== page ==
This is where a bit of gentle, age-appropriate training comes in. Hopefully, by the time they’re tweens, they’ve already learned how to locate books of the Bible, but that doesn’t mean they’ve learned to glean truth from it. By asking them open-ended questions regarding their reading, we can help them begin to seek truth from the text. At this point, we’ll want to be quick to listen and slow to speak (James 1:19), allowing them to share their thoughts. Although we might have numerous insights, our goal is to draw them to Scripture, not to us, for answers. That doesn’t mean we can’t correct theological errors or share our opinions. Rather, it means we’ll do so gently with the goal in mind—that our children seek wisdom from God and his Word.

Break the Bible into its Engaging Stories

A tween probably won’t get too excited by Numbers or Leviticus, but they might enjoy reading about the man who set fire to a couple of foxes tails (Samuel) or the woman who became the queen of Persia (Esther). By helping them see the Bible as a collection of historical stories, you invite them to engage.

According to Travis Carson, Storm Director at Reality Church in Papillion, it’s not the reading itself that’s the problem, but rather, our children’s perception of it. “The Bible is huge, old, and a list of rules,” Carson says. “At least that’s the stereotype it receives. But when students are faced with three books of Lord of the Rings or seven Harry Potter books, it’s not a problem! They’re fun, engaging characters who do amazing things.”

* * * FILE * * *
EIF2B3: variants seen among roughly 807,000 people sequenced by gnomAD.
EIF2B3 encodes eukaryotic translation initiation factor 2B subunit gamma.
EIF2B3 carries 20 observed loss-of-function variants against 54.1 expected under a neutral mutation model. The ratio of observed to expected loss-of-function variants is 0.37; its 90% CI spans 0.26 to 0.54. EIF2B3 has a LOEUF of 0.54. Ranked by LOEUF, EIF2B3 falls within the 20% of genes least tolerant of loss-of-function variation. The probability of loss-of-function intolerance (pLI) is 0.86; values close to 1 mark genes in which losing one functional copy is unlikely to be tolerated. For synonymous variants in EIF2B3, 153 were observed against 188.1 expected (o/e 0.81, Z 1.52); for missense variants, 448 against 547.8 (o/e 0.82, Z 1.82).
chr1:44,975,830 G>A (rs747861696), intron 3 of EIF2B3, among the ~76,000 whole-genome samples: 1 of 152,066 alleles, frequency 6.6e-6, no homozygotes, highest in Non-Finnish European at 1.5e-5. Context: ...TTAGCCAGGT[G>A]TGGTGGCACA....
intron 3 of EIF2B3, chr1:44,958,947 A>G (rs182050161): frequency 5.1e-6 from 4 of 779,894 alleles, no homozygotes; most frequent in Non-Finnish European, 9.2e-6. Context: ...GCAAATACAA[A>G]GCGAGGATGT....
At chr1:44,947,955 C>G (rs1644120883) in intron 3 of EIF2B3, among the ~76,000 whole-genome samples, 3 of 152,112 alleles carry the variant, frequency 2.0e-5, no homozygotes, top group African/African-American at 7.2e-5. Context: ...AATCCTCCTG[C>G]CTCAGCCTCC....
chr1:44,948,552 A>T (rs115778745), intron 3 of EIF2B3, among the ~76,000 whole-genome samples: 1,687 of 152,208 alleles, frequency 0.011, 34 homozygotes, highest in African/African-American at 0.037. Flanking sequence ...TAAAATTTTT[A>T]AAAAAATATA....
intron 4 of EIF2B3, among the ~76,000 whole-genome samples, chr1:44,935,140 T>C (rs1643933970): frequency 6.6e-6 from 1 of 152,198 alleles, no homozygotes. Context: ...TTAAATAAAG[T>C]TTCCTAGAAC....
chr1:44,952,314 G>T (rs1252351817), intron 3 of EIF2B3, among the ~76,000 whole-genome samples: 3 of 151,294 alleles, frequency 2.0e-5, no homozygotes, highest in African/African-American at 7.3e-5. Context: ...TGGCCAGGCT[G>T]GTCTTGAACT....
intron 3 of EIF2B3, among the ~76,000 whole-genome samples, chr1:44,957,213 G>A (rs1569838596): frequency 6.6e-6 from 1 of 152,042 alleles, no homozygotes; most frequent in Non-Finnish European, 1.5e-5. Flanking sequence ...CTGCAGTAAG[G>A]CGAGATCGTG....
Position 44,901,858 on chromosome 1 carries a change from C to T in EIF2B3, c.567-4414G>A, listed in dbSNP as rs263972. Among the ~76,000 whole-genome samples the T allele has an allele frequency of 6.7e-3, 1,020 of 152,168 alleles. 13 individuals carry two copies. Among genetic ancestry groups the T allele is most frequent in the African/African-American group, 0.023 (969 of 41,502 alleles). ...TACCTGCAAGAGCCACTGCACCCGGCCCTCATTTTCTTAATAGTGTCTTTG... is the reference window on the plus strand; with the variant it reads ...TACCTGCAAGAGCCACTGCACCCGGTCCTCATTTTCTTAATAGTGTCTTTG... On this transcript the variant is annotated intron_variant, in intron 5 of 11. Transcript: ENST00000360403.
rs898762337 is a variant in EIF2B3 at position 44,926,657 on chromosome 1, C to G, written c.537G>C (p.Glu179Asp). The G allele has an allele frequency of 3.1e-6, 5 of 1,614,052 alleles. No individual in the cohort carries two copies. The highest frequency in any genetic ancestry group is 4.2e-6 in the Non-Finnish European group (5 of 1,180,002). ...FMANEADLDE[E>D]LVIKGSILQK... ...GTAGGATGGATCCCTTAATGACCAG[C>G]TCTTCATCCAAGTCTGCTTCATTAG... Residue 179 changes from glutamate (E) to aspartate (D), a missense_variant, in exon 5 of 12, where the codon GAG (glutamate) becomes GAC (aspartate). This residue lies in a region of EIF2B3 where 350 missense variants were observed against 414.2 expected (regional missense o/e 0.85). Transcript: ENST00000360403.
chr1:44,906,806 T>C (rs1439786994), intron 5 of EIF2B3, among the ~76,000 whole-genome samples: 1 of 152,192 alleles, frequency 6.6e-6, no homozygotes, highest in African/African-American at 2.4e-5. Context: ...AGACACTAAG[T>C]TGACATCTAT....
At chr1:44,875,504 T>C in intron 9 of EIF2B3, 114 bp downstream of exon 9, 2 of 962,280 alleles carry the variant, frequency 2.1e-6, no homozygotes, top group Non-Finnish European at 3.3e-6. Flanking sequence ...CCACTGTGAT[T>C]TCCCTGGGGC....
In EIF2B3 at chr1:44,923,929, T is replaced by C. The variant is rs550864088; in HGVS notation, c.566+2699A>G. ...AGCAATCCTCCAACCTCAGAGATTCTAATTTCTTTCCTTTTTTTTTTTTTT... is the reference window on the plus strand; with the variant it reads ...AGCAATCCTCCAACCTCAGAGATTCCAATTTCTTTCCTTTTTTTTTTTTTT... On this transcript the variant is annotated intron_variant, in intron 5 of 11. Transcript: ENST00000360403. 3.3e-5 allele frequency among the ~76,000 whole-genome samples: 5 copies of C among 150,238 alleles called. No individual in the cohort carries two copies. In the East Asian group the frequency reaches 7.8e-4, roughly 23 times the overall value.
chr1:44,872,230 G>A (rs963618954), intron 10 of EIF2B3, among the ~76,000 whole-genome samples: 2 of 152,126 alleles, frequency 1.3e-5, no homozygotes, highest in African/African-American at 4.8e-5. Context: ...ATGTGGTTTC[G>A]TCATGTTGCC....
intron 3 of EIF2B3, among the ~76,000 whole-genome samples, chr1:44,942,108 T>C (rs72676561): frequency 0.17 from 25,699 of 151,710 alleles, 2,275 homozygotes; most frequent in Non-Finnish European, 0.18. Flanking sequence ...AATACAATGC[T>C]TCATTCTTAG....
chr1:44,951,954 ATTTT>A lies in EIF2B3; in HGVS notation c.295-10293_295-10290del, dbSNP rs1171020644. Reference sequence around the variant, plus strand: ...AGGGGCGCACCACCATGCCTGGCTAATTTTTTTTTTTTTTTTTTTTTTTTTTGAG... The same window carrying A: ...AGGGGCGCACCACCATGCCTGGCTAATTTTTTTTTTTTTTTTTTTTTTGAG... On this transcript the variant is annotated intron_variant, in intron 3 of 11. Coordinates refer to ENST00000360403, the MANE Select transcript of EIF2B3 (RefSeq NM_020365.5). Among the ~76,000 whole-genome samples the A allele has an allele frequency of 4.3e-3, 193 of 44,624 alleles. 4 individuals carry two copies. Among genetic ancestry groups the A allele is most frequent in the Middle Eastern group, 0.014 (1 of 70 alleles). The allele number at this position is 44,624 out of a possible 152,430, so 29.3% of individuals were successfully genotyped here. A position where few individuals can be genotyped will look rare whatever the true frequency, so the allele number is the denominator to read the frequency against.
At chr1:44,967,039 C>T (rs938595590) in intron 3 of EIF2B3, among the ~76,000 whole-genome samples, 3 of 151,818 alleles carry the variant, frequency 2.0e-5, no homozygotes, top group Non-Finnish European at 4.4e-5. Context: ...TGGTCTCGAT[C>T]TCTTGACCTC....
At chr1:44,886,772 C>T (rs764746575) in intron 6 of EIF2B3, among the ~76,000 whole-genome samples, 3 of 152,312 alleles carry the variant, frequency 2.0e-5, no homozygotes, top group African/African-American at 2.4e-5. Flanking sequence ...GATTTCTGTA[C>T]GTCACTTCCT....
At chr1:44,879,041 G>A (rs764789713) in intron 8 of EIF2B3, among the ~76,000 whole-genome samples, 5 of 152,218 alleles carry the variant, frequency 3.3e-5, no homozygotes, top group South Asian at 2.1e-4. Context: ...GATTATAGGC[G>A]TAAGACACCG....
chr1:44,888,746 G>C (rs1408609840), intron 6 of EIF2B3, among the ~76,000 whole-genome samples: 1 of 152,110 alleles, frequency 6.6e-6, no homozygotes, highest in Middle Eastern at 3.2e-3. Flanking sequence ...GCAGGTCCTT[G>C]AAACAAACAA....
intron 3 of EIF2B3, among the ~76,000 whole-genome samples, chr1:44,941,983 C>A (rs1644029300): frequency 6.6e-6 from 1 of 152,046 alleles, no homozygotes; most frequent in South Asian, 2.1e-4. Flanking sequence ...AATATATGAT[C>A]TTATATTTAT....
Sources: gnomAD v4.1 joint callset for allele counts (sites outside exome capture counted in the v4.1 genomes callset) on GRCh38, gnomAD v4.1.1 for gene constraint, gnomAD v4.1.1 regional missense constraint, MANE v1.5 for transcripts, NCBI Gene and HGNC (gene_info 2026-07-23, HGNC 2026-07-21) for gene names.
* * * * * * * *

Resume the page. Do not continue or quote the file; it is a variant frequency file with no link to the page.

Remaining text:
And yet, what’s more engaging than a battle against a giant, angels appearing to people, and donkeys talking? The Bible is full of dramatic stories of men and women facing insurmountable challenges brought to victory by the miraculous hand of God. As parents, our role is to help our children discover them. To help them understand those stories represent real people with real fears and challenges who encountered an amazing God. The same God who wants to meet with them.

Utilize Christian Resources

There are many Bibles and devotions written for kids, from the Adventure Study Bible that has fun inserts and pictures to girly booklets with quizzes and challenges. If your child is struggling with their Bible reading, consider taking them to your local Christian bookstore and allowing them to choose a devotional or Bible. Not only will they select something that fits their interests and personality, but they’ll likely be more apt to read it, having had an input in the selection. More than that, this communicates, “We’re a team. I’m on your side, and I’m listening to you, your feelings, and your desires,” which always helps open the doors of communication.

It’s important to recognize this might take some trial and error. A devotional that looks exciting might lose their interest a quarter of the way in. That can be frustrating, especially if you’re on a budget, but remember your goal: to get them reading Scripture. That doesn’t mean you throw the budget out, but it does mean you don’t turn the situation into a lecture on waste. Rather, encourage them to keep trying, perhaps with another devotional. If money is an issue, many can be purchased used online.